CourierPostOnline

Public Option Key To Reform

Courier-Post — Sunday, September 27, 2009

By EVE WEISSMAN
For the Courier-Post

"It is difficult to get a man to understand something when his salary depends upon his not understanding it" — a shrewd observation by a wise and insightful Upton Sinclair.

In his Aug. 25 op-ed in the Courier-Post ("Make our health care system better"), Bill Marino, president and CEO of Horizon Blue Cross Blue Shield of New Jersey, the state's largest health insurer, asserts that Horizon and the rest of the insurance industry support the "basic principles" of health reform promoted by President Barack Obama and embodied in the House health care bill (HR 3200), just not the public health insurance plan.

Marino states, "Our industry's opposition to this one flawed proposal (the public plan) does not mean we oppose health care reform." Sure, it just means that Marino and other insurance industry executives who share his view, oppose real health reform — reform that changes the status quo. As long as they can keep making outrageous profits at the expense of consumers, everything is just fine.

The public health insurance plan is essential to meaningful reform. The public option is the only way to control costs and force real competition in the health insurance industry. Here's why:

First, while private insurance companies can close, merge or leave the state, a public health insurance plan would always be there for us, just like Medicare is always there for the elderly and for people with disabilities.

Second, a public health insurance plan would be accountable to us and would help keep private insurance companies accountable.

Safety net

Third, a public health insurance plan would offer us a safety net in case we lose our jobs. Half of all bankruptcies in the United States are caused by medical bills. A public plan would not only cover people who are unemployed, but would help address the skyrocketing foreclosure rate in this country.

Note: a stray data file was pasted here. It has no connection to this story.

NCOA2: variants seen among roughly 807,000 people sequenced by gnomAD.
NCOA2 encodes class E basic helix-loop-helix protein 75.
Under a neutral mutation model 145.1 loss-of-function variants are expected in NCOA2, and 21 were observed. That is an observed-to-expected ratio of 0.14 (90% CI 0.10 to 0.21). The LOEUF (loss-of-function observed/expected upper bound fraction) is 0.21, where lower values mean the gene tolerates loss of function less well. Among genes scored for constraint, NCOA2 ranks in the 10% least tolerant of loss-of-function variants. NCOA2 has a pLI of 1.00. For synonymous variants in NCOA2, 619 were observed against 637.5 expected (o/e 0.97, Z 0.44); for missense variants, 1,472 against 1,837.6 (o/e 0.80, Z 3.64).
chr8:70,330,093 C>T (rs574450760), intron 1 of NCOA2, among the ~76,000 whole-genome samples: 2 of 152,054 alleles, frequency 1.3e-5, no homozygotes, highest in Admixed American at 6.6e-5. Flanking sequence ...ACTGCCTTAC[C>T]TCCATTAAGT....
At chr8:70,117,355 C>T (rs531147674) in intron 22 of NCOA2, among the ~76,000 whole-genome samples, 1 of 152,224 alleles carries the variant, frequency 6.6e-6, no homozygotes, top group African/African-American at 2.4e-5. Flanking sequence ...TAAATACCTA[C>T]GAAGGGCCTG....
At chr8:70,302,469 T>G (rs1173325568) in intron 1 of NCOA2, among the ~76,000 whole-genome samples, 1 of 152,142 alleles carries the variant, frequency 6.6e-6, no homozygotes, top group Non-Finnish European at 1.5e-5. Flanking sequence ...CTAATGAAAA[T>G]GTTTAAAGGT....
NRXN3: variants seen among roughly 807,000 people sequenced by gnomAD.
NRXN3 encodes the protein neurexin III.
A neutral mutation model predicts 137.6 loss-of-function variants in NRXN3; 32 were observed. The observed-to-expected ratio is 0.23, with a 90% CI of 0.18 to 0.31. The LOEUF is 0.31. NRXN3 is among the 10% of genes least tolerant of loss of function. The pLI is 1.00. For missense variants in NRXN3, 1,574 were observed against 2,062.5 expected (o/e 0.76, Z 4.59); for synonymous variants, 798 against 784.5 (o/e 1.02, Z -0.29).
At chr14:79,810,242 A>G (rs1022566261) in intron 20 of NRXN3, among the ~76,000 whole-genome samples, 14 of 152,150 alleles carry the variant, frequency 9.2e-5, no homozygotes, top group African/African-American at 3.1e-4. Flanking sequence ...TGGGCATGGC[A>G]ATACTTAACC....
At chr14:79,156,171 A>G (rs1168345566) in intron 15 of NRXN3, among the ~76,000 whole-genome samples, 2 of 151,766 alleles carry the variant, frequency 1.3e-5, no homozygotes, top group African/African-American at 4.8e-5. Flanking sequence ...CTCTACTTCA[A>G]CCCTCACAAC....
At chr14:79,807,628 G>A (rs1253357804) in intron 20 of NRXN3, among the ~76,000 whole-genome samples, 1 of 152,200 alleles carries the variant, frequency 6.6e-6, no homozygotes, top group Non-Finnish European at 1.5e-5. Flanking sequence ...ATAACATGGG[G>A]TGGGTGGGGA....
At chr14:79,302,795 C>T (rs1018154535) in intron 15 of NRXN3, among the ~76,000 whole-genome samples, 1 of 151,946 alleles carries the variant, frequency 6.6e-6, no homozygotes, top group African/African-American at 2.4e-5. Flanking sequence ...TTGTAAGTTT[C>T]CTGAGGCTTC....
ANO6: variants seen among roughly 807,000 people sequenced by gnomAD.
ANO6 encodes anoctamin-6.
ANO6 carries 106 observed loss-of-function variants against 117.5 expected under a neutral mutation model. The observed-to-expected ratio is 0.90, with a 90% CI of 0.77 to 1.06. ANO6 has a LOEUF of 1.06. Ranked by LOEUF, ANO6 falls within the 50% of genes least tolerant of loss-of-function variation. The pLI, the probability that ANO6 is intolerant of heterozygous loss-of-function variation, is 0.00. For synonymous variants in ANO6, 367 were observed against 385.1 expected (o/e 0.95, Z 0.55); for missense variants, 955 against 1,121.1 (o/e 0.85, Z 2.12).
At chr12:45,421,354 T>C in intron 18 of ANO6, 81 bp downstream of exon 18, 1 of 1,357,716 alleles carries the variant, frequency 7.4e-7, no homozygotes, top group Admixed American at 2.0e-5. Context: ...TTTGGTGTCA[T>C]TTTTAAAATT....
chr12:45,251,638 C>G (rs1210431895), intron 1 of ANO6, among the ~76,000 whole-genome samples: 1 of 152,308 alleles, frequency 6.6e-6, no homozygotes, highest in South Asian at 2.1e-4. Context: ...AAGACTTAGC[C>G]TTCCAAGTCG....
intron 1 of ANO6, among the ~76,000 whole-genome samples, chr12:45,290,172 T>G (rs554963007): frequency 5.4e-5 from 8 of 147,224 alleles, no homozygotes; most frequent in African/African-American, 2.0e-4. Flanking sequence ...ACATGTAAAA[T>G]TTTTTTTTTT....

Fourth, a public health insurance plan would be operated more efficiently than current private sector plans.

Fortunately, Marino and others who are trying to convince the public that a public plan will lead to a government takeover of health care are not succeeding. A recent poll found that nearly three out of every four voters want the choice of a public health insurance plan, often because of the reasons noted above. They want the choice between keeping their private insurance or opting for the public plan.

Now is the time to pass real health care reform — reform that includes a public health insurance option. There is a groundswell of grass-roots organizing taking place across the country and right here in New Jersey to show members of Congress that we want real reform and we want it now.

The closer we get, the tougher it gets. After all, presidents, members of Congress and health care advocates have been working on various versions of health care reform for 90 years now. This time, we have to stick together. We have to get it done. And we have to stand up to people such as Marino, whose salary depends on him not understanding.

Eve Weissman is the health care campaign coordinator for New Jersey Citizen Action, an independent citizen watchdog coalition based in Highland Park.

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